Governor Ernie Fletcher has appointed four new members to the governing board of the Kentucky Arts Council. Todd P. Lowe, Louisville; Retha Carol Tarter, Madisonville; Kelly G. Knight, Lexington; and Randall C. Vaughn, Lexington will serve a regular four-year term expiring February 1, 2009.
Todd Lowe, founder and president of the investment and advisory firm Parthenon LLC brings a wealth of professional and arts advisory experience to the table. Lowe has served as Treasurer for the Executive Committee of the Southern Arts Federation, President of the Board of Directors for Actors Theatre of Louisville and President of the Board of Directors of Kentucky Citizens for the Arts and was on the Executive Committee for the Cultural Blueprint for Metro Louisville. Lowe is also a professional musician. Lowe replaces Thomas H. Bonny, Irvine, whose term has expired.
Retha Tarter has been instrumental to the success of the Glema Mahr Center for the Arts as Ticket Services and Volunteer Coordinator since 1996. The volunteer program that she has built with over 200 volunteers in service is esteemed as a national model. Most recently she and Glema Mahr Director Brad Downall led the panel discussion, “Volunteerism: Backbone of Rural Arts” for performing arts presenters from around the country at the Performing Arts Exchange Conference in Pittsburgh. Tarter is also active in the Madisonville Community and Technical College Lions Club and the Madisonville Professional Women’s Club. Tarter replaces Roanne Victor, whose term has expired.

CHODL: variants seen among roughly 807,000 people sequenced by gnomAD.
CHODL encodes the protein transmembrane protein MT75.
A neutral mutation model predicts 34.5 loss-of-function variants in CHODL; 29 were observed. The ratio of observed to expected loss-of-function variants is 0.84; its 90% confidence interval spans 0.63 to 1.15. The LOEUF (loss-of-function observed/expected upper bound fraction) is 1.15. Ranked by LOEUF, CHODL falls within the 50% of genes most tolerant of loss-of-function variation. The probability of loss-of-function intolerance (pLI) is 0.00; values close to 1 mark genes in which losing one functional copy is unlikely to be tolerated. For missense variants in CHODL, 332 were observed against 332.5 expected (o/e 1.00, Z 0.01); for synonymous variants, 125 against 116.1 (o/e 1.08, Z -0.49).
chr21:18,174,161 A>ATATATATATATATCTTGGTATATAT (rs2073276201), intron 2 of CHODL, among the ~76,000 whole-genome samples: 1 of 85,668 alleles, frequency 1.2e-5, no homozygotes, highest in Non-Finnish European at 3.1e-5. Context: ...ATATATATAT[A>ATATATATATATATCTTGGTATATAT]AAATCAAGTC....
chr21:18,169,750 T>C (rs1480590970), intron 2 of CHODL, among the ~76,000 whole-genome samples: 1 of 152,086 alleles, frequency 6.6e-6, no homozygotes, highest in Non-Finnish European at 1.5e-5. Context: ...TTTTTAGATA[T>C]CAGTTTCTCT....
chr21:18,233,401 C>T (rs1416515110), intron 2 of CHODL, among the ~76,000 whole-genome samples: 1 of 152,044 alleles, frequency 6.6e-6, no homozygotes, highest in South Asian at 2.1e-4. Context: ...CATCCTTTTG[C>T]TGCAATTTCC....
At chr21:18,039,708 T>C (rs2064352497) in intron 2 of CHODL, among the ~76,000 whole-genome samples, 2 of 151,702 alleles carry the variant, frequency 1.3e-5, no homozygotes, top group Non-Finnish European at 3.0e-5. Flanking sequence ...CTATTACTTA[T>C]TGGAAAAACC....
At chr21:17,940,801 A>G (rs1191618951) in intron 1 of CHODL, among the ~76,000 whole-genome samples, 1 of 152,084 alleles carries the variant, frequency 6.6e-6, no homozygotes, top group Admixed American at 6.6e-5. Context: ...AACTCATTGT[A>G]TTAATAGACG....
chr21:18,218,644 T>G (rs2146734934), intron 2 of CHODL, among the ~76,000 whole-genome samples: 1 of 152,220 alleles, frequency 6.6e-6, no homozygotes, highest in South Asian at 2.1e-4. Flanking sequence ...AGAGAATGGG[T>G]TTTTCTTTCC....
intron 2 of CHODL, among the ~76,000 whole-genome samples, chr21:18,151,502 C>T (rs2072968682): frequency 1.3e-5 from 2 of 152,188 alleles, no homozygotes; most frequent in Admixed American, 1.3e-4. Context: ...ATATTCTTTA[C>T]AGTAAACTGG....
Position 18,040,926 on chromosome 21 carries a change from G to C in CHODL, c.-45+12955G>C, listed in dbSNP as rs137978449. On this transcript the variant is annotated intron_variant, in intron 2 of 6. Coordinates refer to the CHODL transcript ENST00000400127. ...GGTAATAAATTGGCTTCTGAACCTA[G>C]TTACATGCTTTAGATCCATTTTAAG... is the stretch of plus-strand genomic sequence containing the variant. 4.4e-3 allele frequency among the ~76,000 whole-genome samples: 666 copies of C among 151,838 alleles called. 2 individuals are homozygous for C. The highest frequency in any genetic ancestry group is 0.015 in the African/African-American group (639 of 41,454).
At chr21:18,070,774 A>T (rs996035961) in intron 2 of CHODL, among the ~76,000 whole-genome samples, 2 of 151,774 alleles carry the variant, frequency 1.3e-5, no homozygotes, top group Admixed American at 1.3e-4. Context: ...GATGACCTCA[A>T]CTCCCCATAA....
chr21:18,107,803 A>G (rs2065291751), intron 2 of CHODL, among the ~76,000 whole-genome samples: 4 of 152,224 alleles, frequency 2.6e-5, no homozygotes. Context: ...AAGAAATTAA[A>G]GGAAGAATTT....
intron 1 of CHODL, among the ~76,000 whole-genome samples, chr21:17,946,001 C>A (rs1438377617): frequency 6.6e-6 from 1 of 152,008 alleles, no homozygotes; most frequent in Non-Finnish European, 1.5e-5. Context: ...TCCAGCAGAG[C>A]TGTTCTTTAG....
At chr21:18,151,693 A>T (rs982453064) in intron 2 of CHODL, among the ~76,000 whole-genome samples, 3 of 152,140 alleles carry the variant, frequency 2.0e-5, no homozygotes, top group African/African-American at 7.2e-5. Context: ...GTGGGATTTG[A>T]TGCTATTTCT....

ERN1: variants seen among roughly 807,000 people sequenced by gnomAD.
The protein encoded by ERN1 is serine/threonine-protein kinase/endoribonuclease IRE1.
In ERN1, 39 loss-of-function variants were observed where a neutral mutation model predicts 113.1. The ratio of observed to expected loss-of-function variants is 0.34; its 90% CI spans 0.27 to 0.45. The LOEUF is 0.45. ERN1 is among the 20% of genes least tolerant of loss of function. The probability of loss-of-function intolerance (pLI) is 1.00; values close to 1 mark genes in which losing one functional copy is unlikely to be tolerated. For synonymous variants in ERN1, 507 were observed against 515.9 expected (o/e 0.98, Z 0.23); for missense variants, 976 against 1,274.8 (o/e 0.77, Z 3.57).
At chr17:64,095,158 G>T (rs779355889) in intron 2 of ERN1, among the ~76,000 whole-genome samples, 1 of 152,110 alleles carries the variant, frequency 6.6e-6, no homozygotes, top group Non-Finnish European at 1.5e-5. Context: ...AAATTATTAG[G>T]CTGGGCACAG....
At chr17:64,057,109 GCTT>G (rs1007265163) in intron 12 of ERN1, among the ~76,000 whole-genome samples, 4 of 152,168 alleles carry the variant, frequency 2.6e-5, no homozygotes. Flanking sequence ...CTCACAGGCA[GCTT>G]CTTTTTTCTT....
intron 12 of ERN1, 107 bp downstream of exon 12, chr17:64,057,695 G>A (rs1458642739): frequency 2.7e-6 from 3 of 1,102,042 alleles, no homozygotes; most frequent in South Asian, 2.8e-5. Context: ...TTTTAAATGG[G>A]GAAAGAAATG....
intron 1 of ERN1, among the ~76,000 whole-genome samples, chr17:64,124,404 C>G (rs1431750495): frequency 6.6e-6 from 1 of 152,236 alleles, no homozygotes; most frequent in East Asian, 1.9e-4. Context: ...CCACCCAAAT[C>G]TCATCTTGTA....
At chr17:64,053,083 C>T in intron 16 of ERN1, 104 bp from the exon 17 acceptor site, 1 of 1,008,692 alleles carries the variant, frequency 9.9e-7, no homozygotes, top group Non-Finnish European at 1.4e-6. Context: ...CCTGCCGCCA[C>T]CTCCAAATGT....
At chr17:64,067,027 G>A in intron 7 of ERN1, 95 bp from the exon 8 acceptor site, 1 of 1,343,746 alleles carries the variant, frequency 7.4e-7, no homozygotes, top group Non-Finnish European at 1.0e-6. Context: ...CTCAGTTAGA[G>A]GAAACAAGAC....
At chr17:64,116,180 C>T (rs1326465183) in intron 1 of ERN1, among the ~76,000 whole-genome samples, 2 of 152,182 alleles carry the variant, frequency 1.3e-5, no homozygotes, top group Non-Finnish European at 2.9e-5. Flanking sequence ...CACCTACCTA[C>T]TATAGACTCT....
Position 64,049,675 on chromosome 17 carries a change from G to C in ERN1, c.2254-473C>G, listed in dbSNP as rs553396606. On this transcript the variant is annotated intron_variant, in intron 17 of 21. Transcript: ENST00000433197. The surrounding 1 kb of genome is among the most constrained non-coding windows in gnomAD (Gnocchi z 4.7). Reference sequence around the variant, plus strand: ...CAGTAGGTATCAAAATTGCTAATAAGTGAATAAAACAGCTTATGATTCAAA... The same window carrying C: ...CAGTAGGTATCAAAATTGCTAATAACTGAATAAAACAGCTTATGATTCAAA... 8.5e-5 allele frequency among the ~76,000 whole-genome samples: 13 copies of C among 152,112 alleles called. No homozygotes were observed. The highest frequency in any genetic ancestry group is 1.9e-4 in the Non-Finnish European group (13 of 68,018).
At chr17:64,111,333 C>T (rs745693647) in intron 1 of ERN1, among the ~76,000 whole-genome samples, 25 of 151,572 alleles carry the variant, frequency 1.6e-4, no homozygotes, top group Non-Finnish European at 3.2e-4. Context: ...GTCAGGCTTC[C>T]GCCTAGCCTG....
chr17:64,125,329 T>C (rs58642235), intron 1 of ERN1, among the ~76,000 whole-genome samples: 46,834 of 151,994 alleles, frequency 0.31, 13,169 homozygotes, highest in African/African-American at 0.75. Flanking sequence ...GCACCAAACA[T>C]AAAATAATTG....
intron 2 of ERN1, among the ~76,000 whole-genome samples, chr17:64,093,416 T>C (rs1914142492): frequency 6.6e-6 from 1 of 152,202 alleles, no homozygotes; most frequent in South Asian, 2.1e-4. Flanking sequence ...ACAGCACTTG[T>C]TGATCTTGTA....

Architect Randall Vaughn is the Design Studio Leader for Automotive/Manufacturing in the Architectural Engineering Department of James N. Gray Company. He currently serves on the Lexington-Fayette Urban County Government Planning Commission, Governor’s School for the Arts Advisory Committee and is a past board member of the Bluegrass Trust for Historic Preservation and the Actor’s Guild of Lexington. Vaughn is actively involved with the American Institute of Architects East Kentucky Chapter and has served in the past as president and board member. Past community service includes mentoring and volunteer work with the YMCA Black Achiever Youth Program, Brother’s Program Community Action Council, Bluegrass–Aspendale Teen Center and other youth oriented programs. Vaughn replaces Mary Michael Corbett, Louisville, whose term has expired.
Lexington’s Kelly G. Knight has been very active in civic, arts and cultural activities as well as charitable causes. Knight is a long-standing Lexington Philharmonic board member and chaired the Philharmonic Ball in 2000. She is a committee member for “Art in Bloom,” at the University of Kentucky Art Museum and has also served on the Kentucky Center for the Arts 20th Anniversary Gala Committee. Most recently, Knight co-founded the “With One Heart” foundation to build orphanages for the children in Sri Lanka left in the aftermath of the 2004 tsunami. Knight replaces Pamela Papka Sexton whose term has expired.
The authority of the Kentucky Arts Council is vested in a volunteer citizen board of 16 members appointed to four-year rotating terms by the Governor. Council members meet regularly in sessions open to the public to set policy and approve expenditures. Current board members are Robert E. Gable, Chair, Frankfort; Everett D. McCorvey, Vice Chair, Lexington; Stephanie C. Bateman, Louisville; Nancy S. Cooper, Fort Thomas; Jean Dorton, Paintsville; Paul E. Fourshee, Cadiz; Kelly G. Knight, Lexington; Todd Lowe, Louisville; Jo G. Marshall, Somerset; Ann Duggins Schell, Louisville; Gregory S. Shumate, Fort Mitchell; Kathleen Smith, Louisville; Retha Tarter, Madisonville; Janrose Tunnell, Richmond; Randall C. Vaughn, Lexington and James R. Voyles, Louisville.
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The Kentucky Arts Council is a state agency in the Commerce Cabinet. Working in partnership with the National Endowment for the Arts, the Arts Council invests in programs that develop vibrant communities, provide lifelong education in the arts and support arts participation. Every $1 in grant funds awarded by the Kentucky Arts Council helps grantees secure $15 in earned income and matching funds from individuals, philanthropic sources and other levels of government.